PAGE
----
We only use your email address to send you the newsletter and to see how many people are opening our emails. A full privacy policy can be viewed here. You can change your mind at any time and update your preferences or unsubscribe.

Adolescent boys in Dhaka. Photo: Nathalie Bertrams/GAGE

Adolescent bodily integrity and freedom from violence in Dhaka, Bangladesh

05.07.19 | Bangladesh

Bodily integrity | Bodily integrity and freedom from violence | Gender-based violence | Violence

Authors

Farhana Alam Sabina Faiz Rashid Laura Camfield Maheen Sultan Malisha Farzana, Anushka Zafar Riaz Hossain Jennifer Muz

In Bangladesh, the use of violence is a common method of discipline. Parental physical punishment is sanctioned by culture and values. The use of violence is not only practised at homes but also perpetuated in many educational institutions as well.

Physical violence against girls and women is particularly common in Bangladesh and is closely linked to the low status assigned to them. Adolescent girls face a plethora of other forms of violence such as verbal abuse and harassment, physical violence and sexual violence.

This brief looks at physical violence experienced by adolescents, including corporal punishment, and sexual and gender-based violence, including child marriage. It then draws out the ways in which gender and disability shape adolescents’ experiences, before outlining some implications for policy.

In Dhaka, baseline data collection entailed quantitative survey interviews with 780 adolescent girls and boys that were complemented by in-depth qualitative work and more in-depth qualitative research involving 36 nodal adolescents, their parents and communities to better understand the experience and perspective of young people.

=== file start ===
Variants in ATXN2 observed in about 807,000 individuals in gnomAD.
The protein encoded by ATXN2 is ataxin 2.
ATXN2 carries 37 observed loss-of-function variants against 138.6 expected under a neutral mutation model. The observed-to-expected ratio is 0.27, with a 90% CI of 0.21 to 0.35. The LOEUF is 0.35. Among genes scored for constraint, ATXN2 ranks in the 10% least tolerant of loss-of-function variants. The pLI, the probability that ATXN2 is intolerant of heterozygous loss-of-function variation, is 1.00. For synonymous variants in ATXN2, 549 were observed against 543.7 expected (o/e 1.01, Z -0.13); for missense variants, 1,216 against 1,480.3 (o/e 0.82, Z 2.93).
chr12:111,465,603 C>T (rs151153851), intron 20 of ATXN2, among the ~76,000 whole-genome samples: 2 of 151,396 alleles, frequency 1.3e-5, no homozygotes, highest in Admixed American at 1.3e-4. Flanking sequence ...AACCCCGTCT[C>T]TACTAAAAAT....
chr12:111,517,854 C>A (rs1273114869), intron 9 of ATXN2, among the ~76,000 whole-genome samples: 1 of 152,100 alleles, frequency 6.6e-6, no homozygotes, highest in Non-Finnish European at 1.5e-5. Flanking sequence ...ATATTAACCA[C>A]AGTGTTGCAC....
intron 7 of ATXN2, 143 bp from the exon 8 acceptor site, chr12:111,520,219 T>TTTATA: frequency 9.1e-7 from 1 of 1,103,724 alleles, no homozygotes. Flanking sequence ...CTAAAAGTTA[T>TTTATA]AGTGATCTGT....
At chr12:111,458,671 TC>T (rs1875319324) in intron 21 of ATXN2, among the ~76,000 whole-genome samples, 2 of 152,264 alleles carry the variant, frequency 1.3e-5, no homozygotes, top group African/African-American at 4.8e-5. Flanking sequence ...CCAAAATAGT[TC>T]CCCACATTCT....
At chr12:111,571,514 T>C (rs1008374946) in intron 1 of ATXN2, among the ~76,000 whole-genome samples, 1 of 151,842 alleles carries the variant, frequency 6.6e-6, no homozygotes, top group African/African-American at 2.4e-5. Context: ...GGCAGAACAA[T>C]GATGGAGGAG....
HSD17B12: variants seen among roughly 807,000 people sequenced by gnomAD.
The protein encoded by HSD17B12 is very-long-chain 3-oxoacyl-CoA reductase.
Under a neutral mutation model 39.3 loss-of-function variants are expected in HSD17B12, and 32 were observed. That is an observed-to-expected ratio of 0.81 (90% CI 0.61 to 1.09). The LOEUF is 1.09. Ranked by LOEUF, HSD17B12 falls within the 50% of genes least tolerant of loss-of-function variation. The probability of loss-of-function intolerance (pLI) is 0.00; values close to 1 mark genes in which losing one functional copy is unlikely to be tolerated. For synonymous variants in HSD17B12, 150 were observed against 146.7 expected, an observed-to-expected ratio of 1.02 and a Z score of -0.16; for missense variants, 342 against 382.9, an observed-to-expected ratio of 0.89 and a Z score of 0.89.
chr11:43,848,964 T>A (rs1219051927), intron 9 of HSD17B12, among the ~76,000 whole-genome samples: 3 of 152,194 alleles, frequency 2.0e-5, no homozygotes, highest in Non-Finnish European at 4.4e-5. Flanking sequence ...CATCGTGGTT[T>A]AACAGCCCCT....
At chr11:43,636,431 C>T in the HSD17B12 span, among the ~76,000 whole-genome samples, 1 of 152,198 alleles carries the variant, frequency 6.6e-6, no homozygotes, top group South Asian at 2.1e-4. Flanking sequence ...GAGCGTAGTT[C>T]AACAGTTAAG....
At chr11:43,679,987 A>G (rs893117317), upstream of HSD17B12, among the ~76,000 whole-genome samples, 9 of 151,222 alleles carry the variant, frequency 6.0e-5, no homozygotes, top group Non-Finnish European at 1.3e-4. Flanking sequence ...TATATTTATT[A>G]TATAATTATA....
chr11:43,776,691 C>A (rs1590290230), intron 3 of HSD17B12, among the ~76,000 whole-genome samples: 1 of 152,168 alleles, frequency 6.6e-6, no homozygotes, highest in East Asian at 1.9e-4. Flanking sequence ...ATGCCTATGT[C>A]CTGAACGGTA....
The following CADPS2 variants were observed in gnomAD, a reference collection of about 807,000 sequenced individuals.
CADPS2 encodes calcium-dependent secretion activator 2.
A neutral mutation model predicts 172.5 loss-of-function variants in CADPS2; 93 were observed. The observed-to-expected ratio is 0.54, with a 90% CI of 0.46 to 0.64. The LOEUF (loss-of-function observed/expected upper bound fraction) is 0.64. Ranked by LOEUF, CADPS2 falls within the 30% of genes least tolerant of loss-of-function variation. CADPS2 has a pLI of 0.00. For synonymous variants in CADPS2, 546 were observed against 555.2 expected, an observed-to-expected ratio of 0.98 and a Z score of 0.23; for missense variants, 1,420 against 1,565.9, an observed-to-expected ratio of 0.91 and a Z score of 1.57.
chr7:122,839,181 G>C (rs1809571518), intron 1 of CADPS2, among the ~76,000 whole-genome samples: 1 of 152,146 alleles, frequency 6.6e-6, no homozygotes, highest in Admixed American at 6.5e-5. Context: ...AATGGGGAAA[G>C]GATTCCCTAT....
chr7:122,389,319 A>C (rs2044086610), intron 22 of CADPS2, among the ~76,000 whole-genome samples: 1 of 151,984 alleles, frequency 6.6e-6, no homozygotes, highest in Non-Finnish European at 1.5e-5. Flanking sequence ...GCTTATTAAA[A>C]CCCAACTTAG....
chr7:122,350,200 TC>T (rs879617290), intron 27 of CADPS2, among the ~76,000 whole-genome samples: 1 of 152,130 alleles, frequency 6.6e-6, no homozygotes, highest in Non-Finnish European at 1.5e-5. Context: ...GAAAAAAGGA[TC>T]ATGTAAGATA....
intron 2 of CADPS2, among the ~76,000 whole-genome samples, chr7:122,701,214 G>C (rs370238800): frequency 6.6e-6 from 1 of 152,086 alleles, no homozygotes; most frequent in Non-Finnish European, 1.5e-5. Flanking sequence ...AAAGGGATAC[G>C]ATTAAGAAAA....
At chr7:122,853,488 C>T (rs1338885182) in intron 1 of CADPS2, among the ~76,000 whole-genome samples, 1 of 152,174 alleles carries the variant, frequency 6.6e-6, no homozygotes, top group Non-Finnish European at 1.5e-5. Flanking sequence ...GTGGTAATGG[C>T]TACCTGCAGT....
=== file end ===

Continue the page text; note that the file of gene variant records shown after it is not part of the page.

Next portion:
We found that physical violence was a common fear and had been experienced by most adolescents in all three sites. Adolescents with disability face more teasing in school than their non-disabled peers, although there is no evidence that they are punished more. Younger adolescents experience violence primarily from family members, relatives, neighbours, other adult males and teachers. Older adolescents also experience violence from employers, with many working in the informal economy. Boys were more likely to report experiencing physical violence than girls.

Suggested citation

Alam, F., Rashid, S., Camfield, L., Sultan, M., Farzana, M., Zafar, A., Hossain, R. and Muz, J. (2019) Adolescent bodily integrity and freedom from violence in Dhaka, Bangladesh. Policy Note. London: Gender and Adolescence: Global Evidence.


Related publications

Journal articles
03.08.22
COVID-19 and the gendered impacts on adolescent wellbeing: Evidence from a cross-sectional study of locally adapted measures in Ethiopia, Jordan, and Palestine
Across GAGE capabilities
Ethiopia | Jordan
Read more
03.08.22 | Across GAGE capabilities | Journal articles | Ethiopia
COVID-19 and the gendered impacts on adolescent wellbeing: Evidence from a cross-sectional study of locally adapted measures in Ethiopia, Jordan, and Palestine
Read more
Journal articles
28.07.22
COVID-19, state (in)visibility and structural violence in low- and middle-income countries
Economic empowerment
Bangladesh | Ethiopia
Read more
28.07.22 | Economic empowerment | Journal articles | Bangladesh
COVID-19, state (in)visibility and structural violence in low- and middle-income countries
Read more
Journal articles
14.07.22
Improving Menstrual Health Literacy Through Life-Skills Programming in Rural Ethiopia
Sexual reproductive health and nutrition
Ethiopia
Read more
14.07.22 | Sexual reproductive health and nutrition | Journal articles | Ethiopia
Improving Menstrual Health Literacy Through Life-Skills Programming in Rural Ethiopia
Read more